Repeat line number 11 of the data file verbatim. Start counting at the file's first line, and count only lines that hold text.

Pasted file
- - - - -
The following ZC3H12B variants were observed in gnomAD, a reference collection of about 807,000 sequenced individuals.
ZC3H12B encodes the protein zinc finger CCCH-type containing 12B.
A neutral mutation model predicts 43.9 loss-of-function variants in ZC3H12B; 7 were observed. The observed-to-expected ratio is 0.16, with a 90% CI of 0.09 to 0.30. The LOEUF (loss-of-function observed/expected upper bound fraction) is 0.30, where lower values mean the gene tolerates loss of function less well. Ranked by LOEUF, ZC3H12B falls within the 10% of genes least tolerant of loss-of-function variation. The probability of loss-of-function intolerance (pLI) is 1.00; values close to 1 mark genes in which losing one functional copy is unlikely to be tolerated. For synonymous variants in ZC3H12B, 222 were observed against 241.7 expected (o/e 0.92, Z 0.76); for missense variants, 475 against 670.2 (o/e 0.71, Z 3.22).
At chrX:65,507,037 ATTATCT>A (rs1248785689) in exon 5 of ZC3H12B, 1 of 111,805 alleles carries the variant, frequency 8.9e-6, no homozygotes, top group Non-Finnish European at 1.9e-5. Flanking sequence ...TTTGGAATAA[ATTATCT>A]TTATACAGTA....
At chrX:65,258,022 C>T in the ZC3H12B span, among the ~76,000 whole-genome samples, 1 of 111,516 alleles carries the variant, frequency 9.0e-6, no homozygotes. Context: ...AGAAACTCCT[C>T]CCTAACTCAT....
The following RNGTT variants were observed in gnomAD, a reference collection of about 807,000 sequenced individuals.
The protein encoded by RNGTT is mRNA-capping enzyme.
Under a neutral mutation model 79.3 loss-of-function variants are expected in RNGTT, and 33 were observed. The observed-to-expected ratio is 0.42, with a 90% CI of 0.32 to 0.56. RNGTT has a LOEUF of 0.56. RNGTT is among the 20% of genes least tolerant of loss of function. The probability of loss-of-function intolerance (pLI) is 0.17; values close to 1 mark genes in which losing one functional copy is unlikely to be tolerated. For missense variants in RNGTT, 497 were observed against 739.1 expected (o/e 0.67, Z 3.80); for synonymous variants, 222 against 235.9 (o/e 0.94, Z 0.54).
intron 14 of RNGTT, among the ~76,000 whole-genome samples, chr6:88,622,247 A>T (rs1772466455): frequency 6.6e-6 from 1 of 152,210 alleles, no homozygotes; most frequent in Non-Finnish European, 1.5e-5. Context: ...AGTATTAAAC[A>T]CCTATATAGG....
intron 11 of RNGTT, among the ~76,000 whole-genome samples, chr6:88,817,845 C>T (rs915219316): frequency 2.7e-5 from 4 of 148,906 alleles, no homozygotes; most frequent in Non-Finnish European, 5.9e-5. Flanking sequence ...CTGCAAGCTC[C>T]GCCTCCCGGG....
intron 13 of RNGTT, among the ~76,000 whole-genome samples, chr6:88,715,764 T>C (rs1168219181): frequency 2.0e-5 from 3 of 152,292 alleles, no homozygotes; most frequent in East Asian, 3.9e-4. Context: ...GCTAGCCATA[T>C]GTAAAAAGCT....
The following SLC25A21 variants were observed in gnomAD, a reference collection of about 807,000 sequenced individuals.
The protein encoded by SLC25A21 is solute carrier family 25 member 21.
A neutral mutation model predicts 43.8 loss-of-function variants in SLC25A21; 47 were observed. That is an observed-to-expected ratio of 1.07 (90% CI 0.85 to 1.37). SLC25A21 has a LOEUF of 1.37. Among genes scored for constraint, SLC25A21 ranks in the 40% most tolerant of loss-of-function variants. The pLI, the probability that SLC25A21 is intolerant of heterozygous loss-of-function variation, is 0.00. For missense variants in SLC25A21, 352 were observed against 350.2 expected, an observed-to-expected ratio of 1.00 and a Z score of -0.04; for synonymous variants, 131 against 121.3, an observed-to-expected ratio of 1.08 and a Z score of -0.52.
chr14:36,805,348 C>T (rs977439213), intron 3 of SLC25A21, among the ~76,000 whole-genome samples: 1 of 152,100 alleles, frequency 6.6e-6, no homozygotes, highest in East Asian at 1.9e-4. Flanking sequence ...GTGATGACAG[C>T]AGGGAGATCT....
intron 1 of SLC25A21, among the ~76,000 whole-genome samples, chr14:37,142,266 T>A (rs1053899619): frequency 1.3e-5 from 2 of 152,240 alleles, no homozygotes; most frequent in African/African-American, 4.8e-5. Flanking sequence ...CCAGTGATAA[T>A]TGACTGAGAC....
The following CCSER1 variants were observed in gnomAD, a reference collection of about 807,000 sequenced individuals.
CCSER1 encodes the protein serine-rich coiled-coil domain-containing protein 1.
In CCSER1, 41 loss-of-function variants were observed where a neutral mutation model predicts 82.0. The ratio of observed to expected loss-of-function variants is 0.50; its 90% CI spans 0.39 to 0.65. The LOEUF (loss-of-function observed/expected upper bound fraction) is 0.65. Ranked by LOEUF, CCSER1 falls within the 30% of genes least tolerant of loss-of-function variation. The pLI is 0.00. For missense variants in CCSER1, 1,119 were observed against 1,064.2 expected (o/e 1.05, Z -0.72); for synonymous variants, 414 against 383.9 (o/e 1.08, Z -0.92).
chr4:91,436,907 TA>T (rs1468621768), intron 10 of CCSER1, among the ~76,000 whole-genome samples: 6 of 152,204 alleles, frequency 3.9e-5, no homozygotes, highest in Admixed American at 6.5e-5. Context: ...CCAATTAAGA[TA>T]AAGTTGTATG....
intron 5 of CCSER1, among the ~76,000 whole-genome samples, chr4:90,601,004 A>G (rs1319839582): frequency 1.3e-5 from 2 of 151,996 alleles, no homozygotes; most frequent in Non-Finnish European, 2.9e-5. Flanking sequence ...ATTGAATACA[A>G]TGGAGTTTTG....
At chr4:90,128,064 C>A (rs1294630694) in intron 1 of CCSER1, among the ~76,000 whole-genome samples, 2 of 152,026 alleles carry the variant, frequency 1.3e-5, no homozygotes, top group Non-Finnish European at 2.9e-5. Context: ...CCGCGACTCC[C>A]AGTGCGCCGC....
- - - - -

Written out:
intron 13 of RNGTT, among the ~76,000 whole-genome samples, chr6:88,715,764 T>C (rs1168219181): frequency 2.0e-5 from 3 of 152,292 alleles, no homozygotes; most frequent in East Asian, 3.9e-4. Context: ...GCTAGCCATA[T>C]GTAAAAAGCT....